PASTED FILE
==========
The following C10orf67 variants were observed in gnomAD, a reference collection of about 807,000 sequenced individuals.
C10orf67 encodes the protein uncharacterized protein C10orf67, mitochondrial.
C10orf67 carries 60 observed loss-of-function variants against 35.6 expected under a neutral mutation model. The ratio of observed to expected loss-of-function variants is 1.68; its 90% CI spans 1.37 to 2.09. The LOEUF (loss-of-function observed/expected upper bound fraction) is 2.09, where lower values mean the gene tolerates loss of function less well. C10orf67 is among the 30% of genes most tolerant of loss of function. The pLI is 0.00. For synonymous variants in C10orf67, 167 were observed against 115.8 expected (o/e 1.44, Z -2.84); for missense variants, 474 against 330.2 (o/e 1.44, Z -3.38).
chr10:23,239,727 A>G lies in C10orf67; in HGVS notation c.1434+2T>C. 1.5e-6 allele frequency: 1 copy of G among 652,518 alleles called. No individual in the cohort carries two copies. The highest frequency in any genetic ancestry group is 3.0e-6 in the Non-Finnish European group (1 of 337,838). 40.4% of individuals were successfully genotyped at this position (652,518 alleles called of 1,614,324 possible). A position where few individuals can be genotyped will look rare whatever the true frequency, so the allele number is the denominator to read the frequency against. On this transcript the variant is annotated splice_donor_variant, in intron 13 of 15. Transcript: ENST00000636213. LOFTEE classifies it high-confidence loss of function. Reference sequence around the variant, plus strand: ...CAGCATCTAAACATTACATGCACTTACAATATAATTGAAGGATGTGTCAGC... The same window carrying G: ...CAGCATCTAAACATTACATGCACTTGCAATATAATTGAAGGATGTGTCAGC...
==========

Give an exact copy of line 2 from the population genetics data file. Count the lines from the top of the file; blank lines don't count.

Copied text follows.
C10orf67 encodes the protein uncharacterized protein C10orf67, mitochondrial.